Opinion/Editorial from Sen. Lincoln Hough on Mental Health Awareness Month

JEFFERSON CITY — State Sen. Lincoln Hough, R-Springfield, discusses Mental Health Awareness Month: The Need for Transformative Investments into Behavioral Health Care.

The month of May is Mental Health Awareness Month. Our focus this month should be supporting our own family and friends, as well as those we do not know, who live with a substance use disorder or a severe mental illness. These diagnosed health conditions have long been underserved and underfunded in this country. In fact, studies have shown that individuals diagnosed with a mental health condition have, on average, a 25-year shorter life expectancy. However, only recently have we focused our attention and acknowledged that mental illness is a real epidemic. It’s not only an epidemic that affects families and friends, but also an epidemic that affects workplaces, law enforcement agencies and local health care providers. The COVID-19 pandemic has created a ripple effect of increasing and exacerbating mental health concerns across our communities.

These issues in behavioral health will not go away without transformative, generational investments into the access of services, a continuum of care, crisis response and placements that will connect individuals in need to immediate treatment. The Missouri Legislature, over the past few sessions, has realized that our state, as well as the nation, are woefully behind on funding these changes. The reality is that law enforcement and hospitals are not the best or most cost-effective treatment providers for those experiencing a behavioral health crisis. We’ve also seen that we need a more robust entry into treatment based on geographic locale, and we know we need a better crisis system that ensures a one-call, immediate care approach. Because of this, we have invested:

  • $15 million for a statewide network of behavioral health crisis centers (BHCCs) that focus their care for individuals in crisis, by having mental health professionals available to triage, assess and provide immediate care to stabilize the crisis and connect the person to the appropriate follow-up treatment. This frees law enforcement to do the important jobs of protecting our communities and frees up emergency rooms while being more cost-effective.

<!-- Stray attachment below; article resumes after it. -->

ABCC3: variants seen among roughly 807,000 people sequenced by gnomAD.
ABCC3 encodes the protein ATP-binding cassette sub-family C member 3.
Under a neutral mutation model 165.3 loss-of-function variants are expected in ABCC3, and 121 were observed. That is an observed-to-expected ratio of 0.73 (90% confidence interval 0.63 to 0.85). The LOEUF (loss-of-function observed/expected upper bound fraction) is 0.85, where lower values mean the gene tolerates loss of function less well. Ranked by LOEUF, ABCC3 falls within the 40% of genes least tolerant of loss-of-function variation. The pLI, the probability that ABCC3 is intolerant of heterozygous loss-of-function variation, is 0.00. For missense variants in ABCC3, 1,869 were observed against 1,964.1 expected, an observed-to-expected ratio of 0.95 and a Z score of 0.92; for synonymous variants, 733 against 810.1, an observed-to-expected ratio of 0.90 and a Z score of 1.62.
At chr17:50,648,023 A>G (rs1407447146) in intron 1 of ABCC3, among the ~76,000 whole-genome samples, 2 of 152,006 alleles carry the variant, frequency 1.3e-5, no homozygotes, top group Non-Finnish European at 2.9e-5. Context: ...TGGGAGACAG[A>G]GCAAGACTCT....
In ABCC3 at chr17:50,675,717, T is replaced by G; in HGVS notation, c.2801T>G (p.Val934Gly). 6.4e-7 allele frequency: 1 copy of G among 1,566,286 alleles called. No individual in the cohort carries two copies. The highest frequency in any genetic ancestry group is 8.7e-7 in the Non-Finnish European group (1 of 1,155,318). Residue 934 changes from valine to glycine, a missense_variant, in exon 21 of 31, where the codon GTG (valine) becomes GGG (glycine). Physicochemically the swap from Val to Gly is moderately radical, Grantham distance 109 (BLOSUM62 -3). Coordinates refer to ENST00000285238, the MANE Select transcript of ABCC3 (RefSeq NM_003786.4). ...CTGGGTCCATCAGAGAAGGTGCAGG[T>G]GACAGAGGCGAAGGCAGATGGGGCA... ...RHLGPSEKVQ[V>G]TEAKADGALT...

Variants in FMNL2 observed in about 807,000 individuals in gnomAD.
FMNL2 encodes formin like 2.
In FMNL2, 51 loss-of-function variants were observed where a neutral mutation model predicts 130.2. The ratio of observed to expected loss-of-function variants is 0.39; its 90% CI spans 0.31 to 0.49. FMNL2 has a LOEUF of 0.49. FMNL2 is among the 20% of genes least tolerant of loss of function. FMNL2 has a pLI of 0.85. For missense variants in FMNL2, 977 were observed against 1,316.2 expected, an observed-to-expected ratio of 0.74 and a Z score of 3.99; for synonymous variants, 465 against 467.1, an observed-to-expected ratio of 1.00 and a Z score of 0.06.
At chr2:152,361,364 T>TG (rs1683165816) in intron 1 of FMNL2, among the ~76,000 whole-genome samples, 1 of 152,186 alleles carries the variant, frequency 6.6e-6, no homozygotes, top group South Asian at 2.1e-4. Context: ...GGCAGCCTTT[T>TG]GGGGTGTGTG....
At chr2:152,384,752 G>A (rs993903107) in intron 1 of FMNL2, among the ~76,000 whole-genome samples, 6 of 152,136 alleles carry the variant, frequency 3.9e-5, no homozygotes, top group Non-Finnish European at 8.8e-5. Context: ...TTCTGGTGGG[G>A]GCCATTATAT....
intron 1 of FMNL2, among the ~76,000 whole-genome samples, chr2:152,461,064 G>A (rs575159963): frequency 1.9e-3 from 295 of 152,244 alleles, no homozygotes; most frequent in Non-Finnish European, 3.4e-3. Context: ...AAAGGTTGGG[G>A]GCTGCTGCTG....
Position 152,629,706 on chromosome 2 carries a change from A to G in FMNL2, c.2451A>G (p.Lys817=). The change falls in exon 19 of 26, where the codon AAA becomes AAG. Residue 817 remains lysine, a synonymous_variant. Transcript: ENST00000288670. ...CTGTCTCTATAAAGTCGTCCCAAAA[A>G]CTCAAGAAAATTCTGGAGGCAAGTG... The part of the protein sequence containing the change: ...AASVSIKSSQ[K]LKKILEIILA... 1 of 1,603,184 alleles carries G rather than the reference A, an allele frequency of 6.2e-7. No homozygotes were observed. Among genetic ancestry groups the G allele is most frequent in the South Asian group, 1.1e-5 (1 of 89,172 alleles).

• $5.5 million for 50 additional Community Behavioral Health Liaisons (CBHL) positions working with local law enforcement agencies and courts. Their goals are to build strong community partnerships between Community Mental Health Centers and coordinate access to behavioral health services for individuals referred to them by law enforcement and courts. CBHLs have received an average of 14,180 referrals per year from law enforcement agencies across the state and engaged with those Missourians to connect them with the necessary resources and behavioral health services they need. Of those referred to a CBHL in the last year, 72% of them were not found to be receiving any behavioral health treatment. Through the CBHL program, people with behavioral health issues who have frequent interaction with law enforcement and the courts will have improved access to behavioral health treatment.
  • $150 million for increased statewide access to community mental health providers. This first-of-its-kind investment will provide necessary capital improvements for providers and will allow them the flexibility to reach further into our rural areas to serve those who may have traveled great distances for treatment in the past, or who may have gone without the necessary preventive care and treatment they needed.
  • $30 million for the preparation of our crisis response system to support the new National Suicide Prevention Lifeline (NSPL) number, 9-8-8. Congress enacted this three-digit number as an easier way to call for urgent crisis care. The Missouri Legislature, in a bill that I sponsored in the Missouri Senate, will also now require the printing of 9-8-8 on all school IDs for grades 7-12 and for our higher education students. Right here in Missouri, suicide is the second leading cause of death in our children between the ages of 10 and 24. This tragic statistic must change. We must do better in providing care when it’s desperately needed, and having this number available for our students, friends, families and citizens to call, text or chat 24/7 will save lives.

These are just a few of the investments into the behavioral health care system we have made here in Missouri. The need for mental health and substance use services will not go away anytime soon. My colleagues and I must remain vigilant to stop the ripple effects that the COVID-19 pandemic has had in our communities relating to mental health and crisis situations.